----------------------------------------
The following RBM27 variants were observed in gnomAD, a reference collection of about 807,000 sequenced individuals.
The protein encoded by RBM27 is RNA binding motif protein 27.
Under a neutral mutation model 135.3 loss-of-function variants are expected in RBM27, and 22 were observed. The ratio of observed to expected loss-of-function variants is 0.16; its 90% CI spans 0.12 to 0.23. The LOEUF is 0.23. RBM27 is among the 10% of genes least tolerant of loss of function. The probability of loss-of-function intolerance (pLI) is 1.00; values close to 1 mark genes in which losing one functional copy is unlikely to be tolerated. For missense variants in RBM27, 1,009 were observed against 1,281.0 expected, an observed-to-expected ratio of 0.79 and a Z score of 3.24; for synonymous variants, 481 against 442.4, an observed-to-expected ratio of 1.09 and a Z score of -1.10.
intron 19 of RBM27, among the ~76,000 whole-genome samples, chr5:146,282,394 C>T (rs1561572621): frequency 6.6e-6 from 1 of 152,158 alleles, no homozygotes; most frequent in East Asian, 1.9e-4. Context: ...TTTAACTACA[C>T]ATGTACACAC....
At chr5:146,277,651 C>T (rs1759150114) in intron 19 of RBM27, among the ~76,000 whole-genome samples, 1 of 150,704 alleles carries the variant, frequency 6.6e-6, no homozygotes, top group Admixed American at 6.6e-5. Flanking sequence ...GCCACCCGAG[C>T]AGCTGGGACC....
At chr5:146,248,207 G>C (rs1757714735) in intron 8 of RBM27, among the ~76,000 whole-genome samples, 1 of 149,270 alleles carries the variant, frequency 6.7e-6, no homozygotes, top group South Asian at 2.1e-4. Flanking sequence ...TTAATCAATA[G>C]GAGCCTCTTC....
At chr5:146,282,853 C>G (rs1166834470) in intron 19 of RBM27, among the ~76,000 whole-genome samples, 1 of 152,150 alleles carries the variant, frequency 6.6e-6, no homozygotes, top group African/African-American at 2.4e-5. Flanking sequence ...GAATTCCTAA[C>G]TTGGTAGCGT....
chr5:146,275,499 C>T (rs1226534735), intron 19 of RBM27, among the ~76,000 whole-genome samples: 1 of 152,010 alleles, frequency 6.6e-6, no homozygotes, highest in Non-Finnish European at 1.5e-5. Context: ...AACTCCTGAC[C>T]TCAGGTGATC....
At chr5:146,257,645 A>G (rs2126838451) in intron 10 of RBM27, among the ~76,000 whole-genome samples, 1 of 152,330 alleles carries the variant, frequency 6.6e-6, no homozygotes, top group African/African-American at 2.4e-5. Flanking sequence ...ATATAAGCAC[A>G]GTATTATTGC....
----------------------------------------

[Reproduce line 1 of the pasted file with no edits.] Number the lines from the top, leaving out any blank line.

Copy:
The following RBM27 variants were observed in gnomAD, a reference collection of about 807,000 sequenced individuals.